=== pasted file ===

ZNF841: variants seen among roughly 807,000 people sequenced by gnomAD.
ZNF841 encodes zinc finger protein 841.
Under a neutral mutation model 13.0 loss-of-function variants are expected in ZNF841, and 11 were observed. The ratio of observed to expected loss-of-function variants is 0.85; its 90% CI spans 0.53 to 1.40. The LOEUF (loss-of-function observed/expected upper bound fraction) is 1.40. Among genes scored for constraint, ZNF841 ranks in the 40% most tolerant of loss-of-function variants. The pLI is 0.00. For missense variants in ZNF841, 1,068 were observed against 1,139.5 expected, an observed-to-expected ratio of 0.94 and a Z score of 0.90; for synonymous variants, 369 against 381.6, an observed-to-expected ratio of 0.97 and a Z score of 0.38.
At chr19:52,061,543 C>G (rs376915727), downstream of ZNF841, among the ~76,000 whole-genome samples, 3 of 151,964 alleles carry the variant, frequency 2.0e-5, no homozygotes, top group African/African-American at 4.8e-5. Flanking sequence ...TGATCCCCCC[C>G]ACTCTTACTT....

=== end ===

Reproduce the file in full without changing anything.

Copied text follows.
ZNF841: variants seen among roughly 807,000 people sequenced by gnomAD.
ZNF841 encodes zinc finger protein 841.
Under a neutral mutation model 13.0 loss-of-function variants are expected in ZNF841, and 11 were observed. The ratio of observed to expected loss-of-function variants is 0.85; its 90% CI spans 0.53 to 1.40. The LOEUF (loss-of-function observed/expected upper bound fraction) is 1.40. Among genes scored for constraint, ZNF841 ranks in the 40% most tolerant of loss-of-function variants. The pLI is 0.00. For missense variants in ZNF841, 1,068 were observed against 1,139.5 expected, an observed-to-expected ratio of 0.94 and a Z score of 0.90; for synonymous variants, 369 against 381.6, an observed-to-expected ratio of 0.97 and a Z score of 0.38.
At chr19:52,061,543 C>G (rs376915727), downstream of ZNF841, among the ~76,000 whole-genome samples, 3 of 151,964 alleles carry the variant, frequency 2.0e-5, no homozygotes, top group African/African-American at 4.8e-5. Flanking sequence ...TGATCCCCCC[C>G]ACTCTTACTT....